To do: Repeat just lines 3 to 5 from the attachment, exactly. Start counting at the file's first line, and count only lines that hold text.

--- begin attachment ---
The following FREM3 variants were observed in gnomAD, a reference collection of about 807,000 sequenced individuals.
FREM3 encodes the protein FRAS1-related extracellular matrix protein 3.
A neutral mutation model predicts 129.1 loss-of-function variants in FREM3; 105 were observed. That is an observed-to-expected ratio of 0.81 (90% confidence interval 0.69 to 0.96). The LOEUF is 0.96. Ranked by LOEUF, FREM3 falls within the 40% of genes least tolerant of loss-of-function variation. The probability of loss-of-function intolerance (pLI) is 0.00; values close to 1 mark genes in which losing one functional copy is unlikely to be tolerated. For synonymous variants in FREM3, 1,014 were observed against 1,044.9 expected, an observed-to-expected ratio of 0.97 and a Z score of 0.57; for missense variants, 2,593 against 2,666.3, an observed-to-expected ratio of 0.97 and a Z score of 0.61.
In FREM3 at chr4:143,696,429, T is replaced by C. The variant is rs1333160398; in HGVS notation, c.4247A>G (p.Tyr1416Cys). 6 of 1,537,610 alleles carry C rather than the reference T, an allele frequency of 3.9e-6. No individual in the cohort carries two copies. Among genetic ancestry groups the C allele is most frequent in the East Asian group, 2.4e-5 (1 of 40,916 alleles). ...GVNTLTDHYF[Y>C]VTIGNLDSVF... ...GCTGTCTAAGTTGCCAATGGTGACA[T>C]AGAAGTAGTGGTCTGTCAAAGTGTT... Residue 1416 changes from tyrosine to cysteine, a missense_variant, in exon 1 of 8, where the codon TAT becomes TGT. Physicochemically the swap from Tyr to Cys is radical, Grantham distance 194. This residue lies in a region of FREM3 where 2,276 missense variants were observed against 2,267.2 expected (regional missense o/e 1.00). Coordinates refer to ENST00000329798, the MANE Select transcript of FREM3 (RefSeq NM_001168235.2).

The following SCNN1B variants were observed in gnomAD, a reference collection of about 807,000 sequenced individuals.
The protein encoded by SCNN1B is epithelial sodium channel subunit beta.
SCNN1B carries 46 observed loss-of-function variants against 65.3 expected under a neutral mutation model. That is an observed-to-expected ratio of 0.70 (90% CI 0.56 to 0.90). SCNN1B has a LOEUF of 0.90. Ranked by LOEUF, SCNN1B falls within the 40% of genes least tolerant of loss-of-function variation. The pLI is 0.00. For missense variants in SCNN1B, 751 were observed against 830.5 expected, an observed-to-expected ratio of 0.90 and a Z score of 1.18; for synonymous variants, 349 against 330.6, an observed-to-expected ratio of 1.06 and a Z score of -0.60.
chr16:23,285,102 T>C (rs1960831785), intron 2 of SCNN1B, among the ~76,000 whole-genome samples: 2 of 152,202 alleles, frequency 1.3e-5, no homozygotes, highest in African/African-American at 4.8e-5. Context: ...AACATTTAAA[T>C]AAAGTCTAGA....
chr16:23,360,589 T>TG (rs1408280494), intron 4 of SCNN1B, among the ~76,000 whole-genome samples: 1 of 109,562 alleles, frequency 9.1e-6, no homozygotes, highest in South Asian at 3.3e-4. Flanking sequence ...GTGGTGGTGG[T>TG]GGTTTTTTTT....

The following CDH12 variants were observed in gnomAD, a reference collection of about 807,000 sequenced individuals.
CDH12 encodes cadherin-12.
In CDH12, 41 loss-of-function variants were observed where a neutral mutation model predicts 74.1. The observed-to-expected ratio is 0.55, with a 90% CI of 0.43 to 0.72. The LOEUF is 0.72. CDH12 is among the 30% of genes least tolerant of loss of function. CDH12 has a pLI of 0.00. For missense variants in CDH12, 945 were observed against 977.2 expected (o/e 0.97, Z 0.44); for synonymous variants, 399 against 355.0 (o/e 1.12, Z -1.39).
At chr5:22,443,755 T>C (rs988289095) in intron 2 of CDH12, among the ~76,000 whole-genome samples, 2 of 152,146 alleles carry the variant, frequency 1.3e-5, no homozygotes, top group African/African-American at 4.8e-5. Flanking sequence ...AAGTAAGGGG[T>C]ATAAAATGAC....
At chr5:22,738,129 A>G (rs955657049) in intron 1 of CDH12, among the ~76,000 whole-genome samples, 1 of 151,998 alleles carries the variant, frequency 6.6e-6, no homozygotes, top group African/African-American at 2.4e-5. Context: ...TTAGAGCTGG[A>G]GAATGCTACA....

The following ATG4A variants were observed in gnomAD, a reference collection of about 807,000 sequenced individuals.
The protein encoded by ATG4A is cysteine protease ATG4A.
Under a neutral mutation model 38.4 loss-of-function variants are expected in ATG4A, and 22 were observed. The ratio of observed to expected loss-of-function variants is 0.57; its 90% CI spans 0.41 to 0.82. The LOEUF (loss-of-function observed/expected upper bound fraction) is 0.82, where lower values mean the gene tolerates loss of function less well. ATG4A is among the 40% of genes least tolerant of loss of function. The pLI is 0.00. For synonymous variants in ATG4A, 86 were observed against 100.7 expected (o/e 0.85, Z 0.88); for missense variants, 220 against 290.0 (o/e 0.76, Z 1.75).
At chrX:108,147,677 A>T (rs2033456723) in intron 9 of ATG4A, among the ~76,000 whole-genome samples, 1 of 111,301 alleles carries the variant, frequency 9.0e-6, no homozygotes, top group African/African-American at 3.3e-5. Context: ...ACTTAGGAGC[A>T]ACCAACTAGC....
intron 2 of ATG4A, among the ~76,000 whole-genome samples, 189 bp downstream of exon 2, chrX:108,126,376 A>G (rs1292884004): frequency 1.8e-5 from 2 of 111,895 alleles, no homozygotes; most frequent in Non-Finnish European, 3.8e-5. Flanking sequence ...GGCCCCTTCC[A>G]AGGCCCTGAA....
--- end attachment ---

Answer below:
A neutral mutation model predicts 129.1 loss-of-function variants in FREM3; 105 were observed. That is an observed-to-expected ratio of 0.81 (90% confidence interval 0.69 to 0.96). The LOEUF is 0.96. Ranked by LOEUF, FREM3 falls within the 40% of genes least tolerant of loss-of-function variation. The probability of loss-of-function intolerance (pLI) is 0.00; values close to 1 mark genes in which losing one functional copy is unlikely to be tolerated. For synonymous variants in FREM3, 1,014 were observed against 1,044.9 expected, an observed-to-expected ratio of 0.97 and a Z score of 0.57; for missense variants, 2,593 against 2,666.3, an observed-to-expected ratio of 0.97 and a Z score of 0.61.
In FREM3 at chr4:143,696,429, T is replaced by C. The variant is rs1333160398; in HGVS notation, c.4247A>G (p.Tyr1416Cys). 6 of 1,537,610 alleles carry C rather than the reference T, an allele frequency of 3.9e-6. No individual in the cohort carries two copies. Among genetic ancestry groups the C allele is most frequent in the East Asian group, 2.4e-5 (1 of 40,916 alleles). ...GVNTLTDHYF[Y>C]VTIGNLDSVF... ...GCTGTCTAAGTTGCCAATGGTGACA[T>C]AGAAGTAGTGGTCTGTCAAAGTGTT... Residue 1416 changes from tyrosine to cysteine, a missense_variant, in exon 1 of 8, where the codon TAT becomes TGT. Physicochemically the swap from Tyr to Cys is radical, Grantham distance 194. This residue lies in a region of FREM3 where 2,276 missense variants were observed against 2,267.2 expected (regional missense o/e 1.00). Coordinates refer to ENST00000329798, the MANE Select transcript of FREM3 (RefSeq NM_001168235.2).

The following SCNN1B variants were observed in gnomAD, a reference collection of about 807,000 sequenced individuals.